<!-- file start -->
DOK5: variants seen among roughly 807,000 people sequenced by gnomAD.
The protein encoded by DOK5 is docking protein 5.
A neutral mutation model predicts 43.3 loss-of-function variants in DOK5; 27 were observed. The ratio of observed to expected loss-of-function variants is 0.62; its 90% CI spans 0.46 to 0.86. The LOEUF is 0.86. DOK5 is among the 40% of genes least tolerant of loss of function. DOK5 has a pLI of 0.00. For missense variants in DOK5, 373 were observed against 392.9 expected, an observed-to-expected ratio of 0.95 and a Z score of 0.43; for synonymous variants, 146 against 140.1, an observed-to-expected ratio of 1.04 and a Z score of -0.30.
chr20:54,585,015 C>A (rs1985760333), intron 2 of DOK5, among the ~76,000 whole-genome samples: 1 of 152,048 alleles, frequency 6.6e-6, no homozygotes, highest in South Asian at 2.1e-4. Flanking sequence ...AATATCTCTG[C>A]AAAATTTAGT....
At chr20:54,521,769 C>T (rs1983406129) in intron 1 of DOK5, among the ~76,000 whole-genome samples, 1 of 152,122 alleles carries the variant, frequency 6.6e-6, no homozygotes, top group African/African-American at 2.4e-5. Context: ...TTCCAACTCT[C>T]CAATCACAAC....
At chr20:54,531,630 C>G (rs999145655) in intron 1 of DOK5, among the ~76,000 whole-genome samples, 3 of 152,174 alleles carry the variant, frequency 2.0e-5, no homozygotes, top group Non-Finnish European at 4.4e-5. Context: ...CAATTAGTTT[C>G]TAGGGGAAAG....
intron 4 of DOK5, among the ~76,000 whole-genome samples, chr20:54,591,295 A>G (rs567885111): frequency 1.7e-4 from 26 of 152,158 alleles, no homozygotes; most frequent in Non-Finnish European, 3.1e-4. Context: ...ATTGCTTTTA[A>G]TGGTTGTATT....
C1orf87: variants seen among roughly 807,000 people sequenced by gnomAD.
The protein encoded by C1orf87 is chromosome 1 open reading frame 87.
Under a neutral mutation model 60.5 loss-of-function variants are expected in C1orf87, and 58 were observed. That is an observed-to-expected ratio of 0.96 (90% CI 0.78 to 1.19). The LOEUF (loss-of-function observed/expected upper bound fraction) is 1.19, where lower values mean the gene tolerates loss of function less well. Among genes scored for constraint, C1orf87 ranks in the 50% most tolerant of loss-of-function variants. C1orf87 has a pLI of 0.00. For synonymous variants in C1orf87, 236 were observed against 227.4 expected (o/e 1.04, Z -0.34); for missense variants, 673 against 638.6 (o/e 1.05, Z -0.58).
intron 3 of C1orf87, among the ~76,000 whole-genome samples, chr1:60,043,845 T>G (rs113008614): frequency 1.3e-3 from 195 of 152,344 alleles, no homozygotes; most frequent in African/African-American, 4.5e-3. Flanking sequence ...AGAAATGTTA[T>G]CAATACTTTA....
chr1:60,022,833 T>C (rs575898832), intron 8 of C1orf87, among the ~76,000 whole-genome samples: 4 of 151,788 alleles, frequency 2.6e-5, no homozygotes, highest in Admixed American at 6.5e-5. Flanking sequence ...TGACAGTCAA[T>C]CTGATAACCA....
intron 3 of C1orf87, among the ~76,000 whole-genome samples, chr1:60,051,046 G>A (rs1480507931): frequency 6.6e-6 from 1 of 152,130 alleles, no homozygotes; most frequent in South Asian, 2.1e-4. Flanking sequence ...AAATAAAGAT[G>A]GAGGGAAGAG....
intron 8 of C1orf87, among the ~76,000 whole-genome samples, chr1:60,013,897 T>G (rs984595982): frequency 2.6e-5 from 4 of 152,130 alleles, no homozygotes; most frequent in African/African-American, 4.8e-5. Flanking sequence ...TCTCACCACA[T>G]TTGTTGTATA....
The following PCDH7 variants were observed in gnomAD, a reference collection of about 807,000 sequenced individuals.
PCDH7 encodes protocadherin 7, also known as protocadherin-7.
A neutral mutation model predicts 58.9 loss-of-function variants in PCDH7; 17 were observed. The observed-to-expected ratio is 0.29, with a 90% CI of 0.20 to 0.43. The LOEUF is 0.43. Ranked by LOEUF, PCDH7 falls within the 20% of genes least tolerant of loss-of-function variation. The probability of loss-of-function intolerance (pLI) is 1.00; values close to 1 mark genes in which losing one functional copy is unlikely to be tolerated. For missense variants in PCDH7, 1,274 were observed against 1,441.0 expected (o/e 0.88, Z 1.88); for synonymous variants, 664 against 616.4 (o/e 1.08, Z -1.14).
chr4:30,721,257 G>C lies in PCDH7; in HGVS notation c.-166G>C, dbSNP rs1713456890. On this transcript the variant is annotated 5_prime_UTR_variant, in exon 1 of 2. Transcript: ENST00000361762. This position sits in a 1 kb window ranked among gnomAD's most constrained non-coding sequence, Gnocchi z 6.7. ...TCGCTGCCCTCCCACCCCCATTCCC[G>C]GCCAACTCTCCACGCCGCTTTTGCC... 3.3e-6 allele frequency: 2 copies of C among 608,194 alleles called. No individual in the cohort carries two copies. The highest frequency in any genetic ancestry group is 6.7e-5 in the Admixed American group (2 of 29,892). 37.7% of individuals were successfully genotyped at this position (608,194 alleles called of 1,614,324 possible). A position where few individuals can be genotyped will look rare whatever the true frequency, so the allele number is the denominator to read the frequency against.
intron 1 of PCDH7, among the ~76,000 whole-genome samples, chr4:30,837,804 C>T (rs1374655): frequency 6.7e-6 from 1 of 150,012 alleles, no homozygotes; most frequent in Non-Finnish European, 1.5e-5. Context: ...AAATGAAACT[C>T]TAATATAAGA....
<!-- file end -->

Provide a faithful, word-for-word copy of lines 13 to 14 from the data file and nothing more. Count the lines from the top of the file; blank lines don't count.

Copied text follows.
intron 3 of C1orf87, among the ~76,000 whole-genome samples, chr1:60,051,046 G>A (rs1480507931): frequency 6.6e-6 from 1 of 152,130 alleles, no homozygotes; most frequent in South Asian, 2.1e-4. Flanking sequence ...AAATAAAGAT[G>A]GAGGGAAGAG....
intron 8 of C1orf87, among the ~76,000 whole-genome samples, chr1:60,013,897 T>G (rs984595982): frequency 2.6e-5 from 4 of 152,130 alleles, no homozygotes; most frequent in African/African-American, 4.8e-5. Flanking sequence ...TCTCACCACA[T>G]TTGTTGTATA....